Police officers never tried to open the door leading to two classrooms at Uvalde's Robb Elementary School during the 77-minute time period between when gunman Salvador Ramos, 18, got inside the room and killed 21 people and when officers got in and shot him, according to surveillance footage, says a law enforcement source.
The source, a person described by The San Antonio Express-News as a person close to the investigation, also said that investigators think Ramos could not have locked the door to the two classrooms from inside and that the latest evidence is suggesting the door may have been unlocked during the entire siege after it malfunctioned.
The school's classroom doors are designed so that they lock automatically when they're closed, and the only way to open them, ordinarily, is with a key, but the surveillance footage shows Ramos was able to open the door into classroom 111 at the school. Another door inside led to classroom 112.
He got into the school at around 11:30 a.m., entering through an exterior door that a teacher had pulled shut, but that door also did not lock automatically as it should have.
The police entered classroom 111 and shot Ramos at 12:50 p.m., but the Express-News' source said the officers had access to a crowbar-like tool, or "halligan," that they could have used to open the door even if it had been locked.
According to officials, three Uvalde police officers chased Ramos two minutes after he got into the school. The video footage shows he fired shots inside the two classrooms, came back out into the hallway, and then went back inside the rooms.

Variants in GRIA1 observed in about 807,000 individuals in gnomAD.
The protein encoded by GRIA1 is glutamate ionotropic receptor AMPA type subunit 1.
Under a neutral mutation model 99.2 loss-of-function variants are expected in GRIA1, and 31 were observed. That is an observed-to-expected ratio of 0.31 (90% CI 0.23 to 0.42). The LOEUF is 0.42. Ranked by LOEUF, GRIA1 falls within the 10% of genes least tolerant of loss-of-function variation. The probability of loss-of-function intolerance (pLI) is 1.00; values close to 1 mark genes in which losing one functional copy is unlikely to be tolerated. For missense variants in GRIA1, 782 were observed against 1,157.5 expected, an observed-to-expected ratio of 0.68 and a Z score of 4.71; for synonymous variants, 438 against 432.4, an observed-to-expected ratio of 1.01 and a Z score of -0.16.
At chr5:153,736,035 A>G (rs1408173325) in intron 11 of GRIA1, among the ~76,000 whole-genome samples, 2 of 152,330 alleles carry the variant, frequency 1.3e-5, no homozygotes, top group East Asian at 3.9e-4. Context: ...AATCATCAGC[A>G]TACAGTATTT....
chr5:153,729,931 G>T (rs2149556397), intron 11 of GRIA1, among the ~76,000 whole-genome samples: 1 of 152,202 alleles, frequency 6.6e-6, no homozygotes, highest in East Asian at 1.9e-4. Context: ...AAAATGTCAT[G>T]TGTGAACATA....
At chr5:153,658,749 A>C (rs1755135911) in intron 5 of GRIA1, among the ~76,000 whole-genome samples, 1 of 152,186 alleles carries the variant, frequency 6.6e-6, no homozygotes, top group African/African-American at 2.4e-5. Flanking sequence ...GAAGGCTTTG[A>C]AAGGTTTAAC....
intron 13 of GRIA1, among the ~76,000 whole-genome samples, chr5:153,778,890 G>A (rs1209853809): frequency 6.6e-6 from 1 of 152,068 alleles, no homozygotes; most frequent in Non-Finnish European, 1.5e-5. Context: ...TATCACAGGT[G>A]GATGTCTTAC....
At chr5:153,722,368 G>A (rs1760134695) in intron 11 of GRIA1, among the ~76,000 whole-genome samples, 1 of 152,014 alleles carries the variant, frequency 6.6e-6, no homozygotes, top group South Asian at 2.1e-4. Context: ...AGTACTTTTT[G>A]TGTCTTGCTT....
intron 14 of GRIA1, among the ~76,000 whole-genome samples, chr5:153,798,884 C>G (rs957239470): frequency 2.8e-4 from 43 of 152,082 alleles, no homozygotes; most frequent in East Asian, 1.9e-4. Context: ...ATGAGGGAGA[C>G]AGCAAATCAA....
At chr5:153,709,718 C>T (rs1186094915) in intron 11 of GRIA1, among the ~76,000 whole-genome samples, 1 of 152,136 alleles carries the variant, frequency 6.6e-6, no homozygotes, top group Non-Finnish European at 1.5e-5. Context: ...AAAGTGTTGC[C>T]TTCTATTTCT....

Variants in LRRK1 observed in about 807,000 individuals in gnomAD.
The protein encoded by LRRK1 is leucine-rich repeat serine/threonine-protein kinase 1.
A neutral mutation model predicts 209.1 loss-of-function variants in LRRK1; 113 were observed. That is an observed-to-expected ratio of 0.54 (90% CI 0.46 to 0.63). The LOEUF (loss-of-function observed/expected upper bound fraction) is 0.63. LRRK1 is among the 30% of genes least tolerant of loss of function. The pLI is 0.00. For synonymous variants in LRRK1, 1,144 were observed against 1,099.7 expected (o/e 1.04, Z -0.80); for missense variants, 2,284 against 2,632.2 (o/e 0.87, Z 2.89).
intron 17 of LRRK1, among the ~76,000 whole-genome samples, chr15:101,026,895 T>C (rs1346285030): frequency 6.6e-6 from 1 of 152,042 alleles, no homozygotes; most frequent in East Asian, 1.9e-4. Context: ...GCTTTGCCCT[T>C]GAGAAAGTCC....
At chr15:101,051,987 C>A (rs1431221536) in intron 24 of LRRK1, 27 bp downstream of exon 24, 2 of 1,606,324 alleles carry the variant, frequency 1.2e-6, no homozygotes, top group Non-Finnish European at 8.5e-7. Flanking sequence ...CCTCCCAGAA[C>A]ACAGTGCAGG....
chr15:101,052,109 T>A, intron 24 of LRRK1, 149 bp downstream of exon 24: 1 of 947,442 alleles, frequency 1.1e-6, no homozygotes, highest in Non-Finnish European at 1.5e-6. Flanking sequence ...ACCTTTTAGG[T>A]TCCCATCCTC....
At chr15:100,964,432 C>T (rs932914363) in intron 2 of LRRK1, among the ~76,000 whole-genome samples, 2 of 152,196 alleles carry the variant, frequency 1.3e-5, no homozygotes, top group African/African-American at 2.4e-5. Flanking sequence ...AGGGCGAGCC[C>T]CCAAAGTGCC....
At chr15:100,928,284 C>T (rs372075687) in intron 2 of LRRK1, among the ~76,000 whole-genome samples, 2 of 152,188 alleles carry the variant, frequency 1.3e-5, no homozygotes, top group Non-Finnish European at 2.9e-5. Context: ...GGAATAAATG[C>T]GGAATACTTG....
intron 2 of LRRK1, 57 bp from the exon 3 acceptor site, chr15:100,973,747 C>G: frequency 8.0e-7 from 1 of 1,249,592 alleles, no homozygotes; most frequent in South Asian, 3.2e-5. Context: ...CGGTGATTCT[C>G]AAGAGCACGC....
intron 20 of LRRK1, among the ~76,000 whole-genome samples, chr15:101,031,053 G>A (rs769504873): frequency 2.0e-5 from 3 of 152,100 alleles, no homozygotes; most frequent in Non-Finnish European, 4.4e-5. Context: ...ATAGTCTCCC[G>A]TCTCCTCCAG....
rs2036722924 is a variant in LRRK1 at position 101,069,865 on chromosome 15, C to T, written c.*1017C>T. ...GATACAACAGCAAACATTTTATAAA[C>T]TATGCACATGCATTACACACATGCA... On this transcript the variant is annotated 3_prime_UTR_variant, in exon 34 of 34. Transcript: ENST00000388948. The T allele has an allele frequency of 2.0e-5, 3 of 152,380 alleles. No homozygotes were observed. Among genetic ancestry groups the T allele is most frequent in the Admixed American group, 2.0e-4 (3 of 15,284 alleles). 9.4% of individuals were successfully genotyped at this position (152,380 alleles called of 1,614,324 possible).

Ramos shot at the police in the hallway through the closed doors, after which the officers waited for backup rather than force their way inside where Ramos was.
Uvalde School District Police Chief Pedro "Pete," Arredondo said he had called for gear, a sniper, and keys to get into the classrooms, but held officers back for 40 minutes to avoid gunfire. A custodian brought a large key ring and the chief said he tried using dozens of the keys but they didn't work.
However, the law enforcement source told the Express-News that Arredondo wasn't trying to open the classrooms where Ramos was, but instead was trying to use the keys on other classroom doors.
Rep. Joaquin Castro, D-Texas, told the newspaper he finds the new details on the door shocking.
"I'm shocked like the rest of the country at the incompetence and dereliction of duty by multiple law enforcement agencies who failed to save those kids," he said. "I'm also increasingly disturbed by what looks like an attempt to cover up the truth by state officials and the local police department who have refused to comply with requests to release information to the public."
State Rep. Roland Gutierrez, D-San Antonio, who also represents Uvalde, said he was not aware of the revelations about the door, but if true, at least "three or four extra children" and their teacher could possibly have been saved.
"We know two kids had gunshot wounds that they bled out from," he said. "We know that one teacher was alive when they pulled her out, and she died on the way to the hospital."
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